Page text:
Trips to the beach lend spice to writer’s ‘Chicken Soup’

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    By DUDLEY BROWN, Staff Writer
    Published May 20, 2007

    It was hard to find time to take a vacation for an entire week, so
    Amy Mullis and her family decided to take mini vacations. The mini
    vacations included daytrips to Charleston – six hours, 400 miles
    roundtrip from their home in Moore.

    The family’s first daytrip to
    Charleston five years ago inspired a short story Mullis wrote for
    "Chicken Soup for the Beach Lover’s Soul." The book was released
    earlier this month.

    The humorous story discusses spending a lot
    of money on food, bringing a picky eater along, having boys fighting in
    the back seat of the car and coming home at the end of the day with
    sunburn and seashells.

    "Anyone can look at that and identify,"
    Mullis said. "Everybody has been packed too close and too tight with
    other people breathing their air."

    Mullis said the family, abandoned the daytrips to Charleston three or four years ago.

    "My sons outgrew the car," Mullis said.

    Mullis, her husband, Bill Mullis, and their sons Ryan and Jeffery Wofford took those trips in a Toyota Corolla.

    "It’s a wonderful car, but not a lot of leg room for boys," she said.

    Combine that with typical 12- and 14-year-old boys’ behavior.

    "They’d snooze awhile and wake up to tell what the other had done," Mullis said.

    The
    story is one of five Mullis expects to have published by the end of the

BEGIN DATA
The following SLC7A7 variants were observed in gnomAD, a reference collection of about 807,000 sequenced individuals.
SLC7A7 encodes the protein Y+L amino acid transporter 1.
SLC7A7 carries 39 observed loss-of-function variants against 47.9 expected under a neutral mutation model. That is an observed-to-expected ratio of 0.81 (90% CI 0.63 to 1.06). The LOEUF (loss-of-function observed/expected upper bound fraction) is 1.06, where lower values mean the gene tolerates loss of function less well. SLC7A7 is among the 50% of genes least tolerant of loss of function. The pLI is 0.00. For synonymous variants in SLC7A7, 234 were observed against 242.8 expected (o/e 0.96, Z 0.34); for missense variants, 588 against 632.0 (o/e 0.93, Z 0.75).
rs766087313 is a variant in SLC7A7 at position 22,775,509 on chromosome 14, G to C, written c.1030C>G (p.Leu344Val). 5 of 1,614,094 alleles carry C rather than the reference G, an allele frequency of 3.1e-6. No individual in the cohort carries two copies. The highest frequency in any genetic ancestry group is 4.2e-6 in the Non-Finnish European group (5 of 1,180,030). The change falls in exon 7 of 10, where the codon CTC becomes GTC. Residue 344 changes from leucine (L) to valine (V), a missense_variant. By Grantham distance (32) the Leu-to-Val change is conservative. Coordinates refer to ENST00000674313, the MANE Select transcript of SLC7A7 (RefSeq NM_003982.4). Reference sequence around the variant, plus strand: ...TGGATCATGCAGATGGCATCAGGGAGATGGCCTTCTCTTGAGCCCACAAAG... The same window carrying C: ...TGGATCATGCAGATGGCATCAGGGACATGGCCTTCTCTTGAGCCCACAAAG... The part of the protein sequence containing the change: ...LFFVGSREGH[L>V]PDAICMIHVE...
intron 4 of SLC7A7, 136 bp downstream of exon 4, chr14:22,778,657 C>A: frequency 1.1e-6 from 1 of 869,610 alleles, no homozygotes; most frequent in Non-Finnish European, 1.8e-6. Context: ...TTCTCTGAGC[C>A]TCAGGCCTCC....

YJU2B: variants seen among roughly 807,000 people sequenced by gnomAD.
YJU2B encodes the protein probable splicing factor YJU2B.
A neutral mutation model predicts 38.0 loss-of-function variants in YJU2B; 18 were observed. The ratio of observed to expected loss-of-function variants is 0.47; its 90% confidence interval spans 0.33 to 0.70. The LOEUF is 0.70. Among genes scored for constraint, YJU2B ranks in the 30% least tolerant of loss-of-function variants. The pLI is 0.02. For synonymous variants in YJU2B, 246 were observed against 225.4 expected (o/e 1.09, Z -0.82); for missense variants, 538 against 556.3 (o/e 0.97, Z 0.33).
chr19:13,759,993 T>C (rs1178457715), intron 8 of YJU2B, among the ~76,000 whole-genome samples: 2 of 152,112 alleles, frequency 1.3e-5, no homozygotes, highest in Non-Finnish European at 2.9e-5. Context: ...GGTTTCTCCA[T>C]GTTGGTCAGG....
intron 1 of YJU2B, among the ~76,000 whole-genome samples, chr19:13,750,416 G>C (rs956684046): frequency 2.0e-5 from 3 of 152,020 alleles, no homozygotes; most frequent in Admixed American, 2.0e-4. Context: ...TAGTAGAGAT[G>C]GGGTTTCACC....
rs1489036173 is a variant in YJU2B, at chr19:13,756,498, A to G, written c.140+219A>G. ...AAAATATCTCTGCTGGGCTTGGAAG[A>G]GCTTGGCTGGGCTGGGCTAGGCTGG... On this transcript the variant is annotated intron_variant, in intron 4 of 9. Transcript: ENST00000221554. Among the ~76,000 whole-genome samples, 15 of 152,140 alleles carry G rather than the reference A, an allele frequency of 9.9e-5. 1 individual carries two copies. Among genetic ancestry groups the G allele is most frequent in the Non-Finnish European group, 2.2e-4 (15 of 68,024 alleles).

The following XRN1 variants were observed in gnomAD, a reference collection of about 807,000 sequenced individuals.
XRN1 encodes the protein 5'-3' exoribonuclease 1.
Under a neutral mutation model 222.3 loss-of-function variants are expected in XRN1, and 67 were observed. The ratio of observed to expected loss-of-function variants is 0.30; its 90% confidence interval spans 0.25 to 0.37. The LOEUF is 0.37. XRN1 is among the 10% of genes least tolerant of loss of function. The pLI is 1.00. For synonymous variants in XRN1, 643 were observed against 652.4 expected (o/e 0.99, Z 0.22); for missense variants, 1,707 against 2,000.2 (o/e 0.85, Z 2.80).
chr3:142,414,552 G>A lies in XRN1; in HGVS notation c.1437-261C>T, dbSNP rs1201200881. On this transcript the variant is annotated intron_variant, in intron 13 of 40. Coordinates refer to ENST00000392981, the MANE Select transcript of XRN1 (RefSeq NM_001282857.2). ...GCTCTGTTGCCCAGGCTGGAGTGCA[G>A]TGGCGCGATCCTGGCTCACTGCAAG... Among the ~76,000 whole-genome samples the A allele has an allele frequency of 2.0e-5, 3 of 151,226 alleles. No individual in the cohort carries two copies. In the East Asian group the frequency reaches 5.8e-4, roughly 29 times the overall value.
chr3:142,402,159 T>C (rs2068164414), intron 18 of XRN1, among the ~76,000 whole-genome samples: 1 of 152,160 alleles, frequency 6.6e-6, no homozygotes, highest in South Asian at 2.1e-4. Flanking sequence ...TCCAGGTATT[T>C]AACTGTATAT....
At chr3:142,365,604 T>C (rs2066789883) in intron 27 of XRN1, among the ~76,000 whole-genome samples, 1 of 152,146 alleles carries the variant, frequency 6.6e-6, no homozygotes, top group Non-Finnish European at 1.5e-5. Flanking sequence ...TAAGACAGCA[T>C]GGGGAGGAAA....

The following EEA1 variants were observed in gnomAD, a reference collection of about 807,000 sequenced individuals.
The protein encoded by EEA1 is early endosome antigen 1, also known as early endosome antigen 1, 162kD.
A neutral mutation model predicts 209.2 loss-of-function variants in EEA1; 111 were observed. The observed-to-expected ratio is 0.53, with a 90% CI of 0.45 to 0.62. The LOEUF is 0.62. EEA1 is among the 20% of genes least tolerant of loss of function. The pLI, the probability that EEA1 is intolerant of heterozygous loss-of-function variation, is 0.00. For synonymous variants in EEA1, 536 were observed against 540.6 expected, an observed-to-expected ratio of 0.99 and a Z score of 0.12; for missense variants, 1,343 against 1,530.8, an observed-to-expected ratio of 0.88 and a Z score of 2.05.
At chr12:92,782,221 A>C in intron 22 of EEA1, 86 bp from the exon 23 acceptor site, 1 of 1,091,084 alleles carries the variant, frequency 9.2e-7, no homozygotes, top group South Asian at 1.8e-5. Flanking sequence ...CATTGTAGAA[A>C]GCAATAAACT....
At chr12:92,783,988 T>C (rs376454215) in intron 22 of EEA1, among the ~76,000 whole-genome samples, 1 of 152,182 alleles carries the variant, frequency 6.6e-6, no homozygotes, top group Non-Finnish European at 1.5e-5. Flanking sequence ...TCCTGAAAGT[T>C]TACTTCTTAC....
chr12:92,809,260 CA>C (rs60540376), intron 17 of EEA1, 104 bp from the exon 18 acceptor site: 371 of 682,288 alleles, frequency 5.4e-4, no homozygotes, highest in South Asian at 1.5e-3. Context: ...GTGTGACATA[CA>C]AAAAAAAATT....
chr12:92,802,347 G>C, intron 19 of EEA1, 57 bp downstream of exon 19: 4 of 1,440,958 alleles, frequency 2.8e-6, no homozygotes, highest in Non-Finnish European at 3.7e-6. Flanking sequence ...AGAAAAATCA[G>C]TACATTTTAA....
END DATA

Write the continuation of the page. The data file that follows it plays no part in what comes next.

year. She said she liked writing while in school, but didn’t do much of
    it after she grew up, married and had kids. That changed a few years
    ago.

    "Once I turned 40, a boss told me you’re old enough to do whatever you want," Mullis said.

    Mullis
    has been notified that she’ll also have a short story published in
    "Chicken Soup for the Chocolate Lover’s Soul," which will be released
    in November.

    The makers of the Chicken Soup for the Soul series
    say thousands of stories are submitted for their books. They’re chosen
    based on their ability to entertain, inspire and immortalize
    recollections.

    Mullis, however, doesn’t plan to read her stories anytime soon.

    "I
    can’t stand to read them once they’ve been published," Mullis said.
    "Once you see them in print, you always see something you want to
    change."

    Dudley Brown can be reached at 562-7212 or dudley.brown@shj.com.

    ©2007 Spartanburg Herald-Journal

    http://www.goupstate.com/article/20070520/NEWS/705200335/-1/LIFE 

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